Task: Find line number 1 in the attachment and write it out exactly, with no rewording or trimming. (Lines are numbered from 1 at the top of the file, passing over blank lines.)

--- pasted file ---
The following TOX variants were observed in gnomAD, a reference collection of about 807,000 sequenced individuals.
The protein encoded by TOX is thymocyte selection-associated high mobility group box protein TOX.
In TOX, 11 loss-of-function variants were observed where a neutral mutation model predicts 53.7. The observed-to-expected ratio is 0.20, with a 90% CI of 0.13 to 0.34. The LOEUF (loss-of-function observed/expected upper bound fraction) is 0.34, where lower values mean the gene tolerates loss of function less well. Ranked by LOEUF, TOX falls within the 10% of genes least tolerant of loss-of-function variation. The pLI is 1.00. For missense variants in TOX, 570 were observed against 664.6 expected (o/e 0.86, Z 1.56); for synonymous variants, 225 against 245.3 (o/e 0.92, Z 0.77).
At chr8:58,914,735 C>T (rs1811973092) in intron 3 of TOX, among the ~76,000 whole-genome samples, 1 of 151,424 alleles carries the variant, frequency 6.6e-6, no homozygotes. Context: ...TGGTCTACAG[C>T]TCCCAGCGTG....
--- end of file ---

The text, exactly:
The following TOX variants were observed in gnomAD, a reference collection of about 807,000 sequenced individuals.